Steve has been gone 6.5 months and I sometimes find I'm feeling worse instead of better.  You're right, in the beginning a lot of attention was payed to me.  People were very sympathetic and eager to help in any way.  As time has passes, I find people less interested in me.  Their sympathy and understanding seem to have expired and there is a feeling that I should suck it up and move on.  I wish I could.  But as rls67 mentioned in a different post, he sees his wife everywhere and can't believe she's gone. I still feel this way.  Like I'm going to come home and find him on the couch watching The Young and the Restless (he really loved that show).  I guess bereavement really is a long process.  Although intended for rls67, I found your post to be helpful, as well.  So comforting to be amongst people who understand.  

    People seem to be wondering about rls67's kids ages.  I seem to recall him stating that he has three.  One still in high school and the others in their twenties.  I'm sure having kids and grandkids motivates people in this situation to pull themselves together and move forward.  I kind of wish that Steve and I had had one.

    Hope your hanging in there, rls67.


  • geotina
    geotina Member Posts: 2,111 Member

    I am so sorry for your loss and the horrible grief you are now feeling.  Just over a year ago, I was in the exact same spot as you.  Most days it will feel like a really bad dream.  Did this really happen.  Are they really gone.   For a very long time, I questioned the decisions I had to make those last few days of George's life.  I know in my head I did the right thing, made the right decisions, but my heart was so crushed, I doubted myself.  Then I questioned did I leave no stone unturned regarding treatment, is there something more I could have done.  It kept me awake nights.  It took a while for these doubts to ease.  I now know I did make the very best decisions from day one that I could have made.  So please, don't question yourself but if you do, please know that everyone goes through this phase.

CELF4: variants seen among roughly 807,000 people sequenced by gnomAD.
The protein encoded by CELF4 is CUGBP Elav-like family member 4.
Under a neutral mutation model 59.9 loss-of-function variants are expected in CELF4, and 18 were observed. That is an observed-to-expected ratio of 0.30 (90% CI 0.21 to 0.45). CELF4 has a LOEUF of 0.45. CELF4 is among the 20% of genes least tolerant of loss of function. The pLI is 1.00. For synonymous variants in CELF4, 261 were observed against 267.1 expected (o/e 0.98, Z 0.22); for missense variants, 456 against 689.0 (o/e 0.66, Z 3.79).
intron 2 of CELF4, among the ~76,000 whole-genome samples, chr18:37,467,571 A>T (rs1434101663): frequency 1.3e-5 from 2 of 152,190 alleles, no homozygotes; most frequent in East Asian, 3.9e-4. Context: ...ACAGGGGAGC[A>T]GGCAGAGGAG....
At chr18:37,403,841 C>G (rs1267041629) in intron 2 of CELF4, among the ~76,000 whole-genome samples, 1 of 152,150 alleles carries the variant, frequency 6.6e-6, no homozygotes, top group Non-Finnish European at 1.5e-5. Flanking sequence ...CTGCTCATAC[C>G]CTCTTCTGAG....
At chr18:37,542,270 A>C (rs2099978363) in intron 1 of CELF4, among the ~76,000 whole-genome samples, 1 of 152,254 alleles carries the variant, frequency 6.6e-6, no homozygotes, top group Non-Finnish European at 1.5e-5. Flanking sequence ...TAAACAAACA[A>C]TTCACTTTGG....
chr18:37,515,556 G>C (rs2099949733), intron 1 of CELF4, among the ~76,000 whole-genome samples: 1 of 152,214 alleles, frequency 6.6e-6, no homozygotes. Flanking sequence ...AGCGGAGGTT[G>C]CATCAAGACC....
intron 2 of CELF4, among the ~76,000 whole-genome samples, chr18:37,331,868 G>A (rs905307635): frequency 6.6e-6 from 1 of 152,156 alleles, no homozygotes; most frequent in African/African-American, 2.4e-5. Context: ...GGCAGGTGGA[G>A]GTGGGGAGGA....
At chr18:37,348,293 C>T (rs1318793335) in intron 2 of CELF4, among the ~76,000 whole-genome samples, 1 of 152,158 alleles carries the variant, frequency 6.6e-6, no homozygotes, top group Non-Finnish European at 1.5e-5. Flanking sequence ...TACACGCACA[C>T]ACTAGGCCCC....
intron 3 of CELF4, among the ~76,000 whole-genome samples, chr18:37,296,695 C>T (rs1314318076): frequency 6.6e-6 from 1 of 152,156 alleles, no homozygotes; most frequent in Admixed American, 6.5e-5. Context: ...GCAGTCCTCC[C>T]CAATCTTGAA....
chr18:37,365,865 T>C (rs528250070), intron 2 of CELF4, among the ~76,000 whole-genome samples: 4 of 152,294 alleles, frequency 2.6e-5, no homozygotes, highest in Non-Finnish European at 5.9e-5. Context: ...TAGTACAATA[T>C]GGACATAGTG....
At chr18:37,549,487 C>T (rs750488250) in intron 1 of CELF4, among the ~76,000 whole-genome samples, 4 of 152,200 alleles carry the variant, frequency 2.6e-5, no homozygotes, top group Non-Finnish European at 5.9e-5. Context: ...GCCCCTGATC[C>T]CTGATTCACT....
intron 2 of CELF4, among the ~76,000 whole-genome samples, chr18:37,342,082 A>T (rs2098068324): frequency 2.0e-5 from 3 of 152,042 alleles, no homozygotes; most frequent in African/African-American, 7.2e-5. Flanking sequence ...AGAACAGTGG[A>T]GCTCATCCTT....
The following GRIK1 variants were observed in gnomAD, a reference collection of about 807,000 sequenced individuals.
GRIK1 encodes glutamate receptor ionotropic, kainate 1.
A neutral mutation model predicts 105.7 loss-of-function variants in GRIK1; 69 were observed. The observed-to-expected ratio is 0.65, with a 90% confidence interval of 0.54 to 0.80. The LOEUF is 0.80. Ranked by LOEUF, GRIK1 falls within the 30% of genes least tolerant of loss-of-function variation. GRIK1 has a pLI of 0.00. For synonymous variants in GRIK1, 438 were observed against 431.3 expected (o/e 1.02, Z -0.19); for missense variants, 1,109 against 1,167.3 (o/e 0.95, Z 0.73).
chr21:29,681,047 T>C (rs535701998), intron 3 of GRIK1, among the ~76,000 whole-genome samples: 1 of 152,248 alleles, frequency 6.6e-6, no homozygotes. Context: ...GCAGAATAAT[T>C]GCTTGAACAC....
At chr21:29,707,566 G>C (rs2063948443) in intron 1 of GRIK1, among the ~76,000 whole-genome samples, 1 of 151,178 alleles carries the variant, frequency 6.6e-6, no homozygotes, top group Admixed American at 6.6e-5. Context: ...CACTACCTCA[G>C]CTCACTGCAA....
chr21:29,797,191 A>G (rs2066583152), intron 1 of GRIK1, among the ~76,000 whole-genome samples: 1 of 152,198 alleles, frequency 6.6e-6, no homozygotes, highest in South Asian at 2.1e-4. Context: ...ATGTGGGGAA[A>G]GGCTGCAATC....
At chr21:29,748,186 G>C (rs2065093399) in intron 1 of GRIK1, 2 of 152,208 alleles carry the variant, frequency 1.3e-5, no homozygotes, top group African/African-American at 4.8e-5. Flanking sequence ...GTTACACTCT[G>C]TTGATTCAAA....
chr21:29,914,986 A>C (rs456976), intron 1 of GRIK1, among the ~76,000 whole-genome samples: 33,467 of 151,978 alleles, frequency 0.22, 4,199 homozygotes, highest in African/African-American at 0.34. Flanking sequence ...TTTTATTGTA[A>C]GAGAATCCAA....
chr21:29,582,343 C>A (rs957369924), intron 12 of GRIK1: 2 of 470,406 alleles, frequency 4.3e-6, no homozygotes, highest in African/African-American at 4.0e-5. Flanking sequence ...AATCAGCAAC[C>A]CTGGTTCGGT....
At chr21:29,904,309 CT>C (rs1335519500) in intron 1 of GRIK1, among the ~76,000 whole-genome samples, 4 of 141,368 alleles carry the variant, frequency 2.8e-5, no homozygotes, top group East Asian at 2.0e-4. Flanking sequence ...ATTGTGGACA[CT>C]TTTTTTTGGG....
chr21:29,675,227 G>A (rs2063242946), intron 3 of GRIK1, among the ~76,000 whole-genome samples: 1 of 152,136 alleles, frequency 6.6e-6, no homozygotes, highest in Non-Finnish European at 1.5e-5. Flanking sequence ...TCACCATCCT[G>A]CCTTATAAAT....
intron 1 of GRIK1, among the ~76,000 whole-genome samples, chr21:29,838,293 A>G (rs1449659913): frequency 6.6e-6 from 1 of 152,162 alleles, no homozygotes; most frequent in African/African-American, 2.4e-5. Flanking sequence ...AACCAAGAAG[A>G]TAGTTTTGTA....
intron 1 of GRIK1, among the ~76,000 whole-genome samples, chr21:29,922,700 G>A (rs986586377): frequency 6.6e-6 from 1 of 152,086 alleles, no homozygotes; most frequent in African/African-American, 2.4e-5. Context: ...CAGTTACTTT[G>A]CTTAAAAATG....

In a few weeks, everyone will get back to their usual lives, but your life has changed forever.   You will get advise, do this, do that, blah, blah, blah.  Just say thanks, then follow your heart.  Don't be in a  hurry to change things at home.  Someone told me the sooner you change things the better it will be.  I didn't take that advise.  In fact, it was just recently that I cleaned George's dresser and closet.  I found comfort (I know, sounds crazy) in seeing his things, touching his favorite shirt, baseball cap, and the like.   When you are ready, things will start to fall into place. 

    Many of us were very lucky to have shared a large part of our lives with someone we loved and loved us back.  Our lives are now forever changed.   Will you smile and laugh again, yes.  Will the tears flow, oh yes.   Will the heartache ease, maybe a little, but I am not there yet.

    Again, my sincere condolences.


  • rls67
    rls67 Member Posts: 127
    Thank you for your advice and

    Thank you for your advice and concern. I truly appreciate it. I am in a emotional state right now. When I am feeling a little better I will post. I just wanted to express my thanks to you Cynthia, you have been truly helpful the last couple of weeks. thank you very much.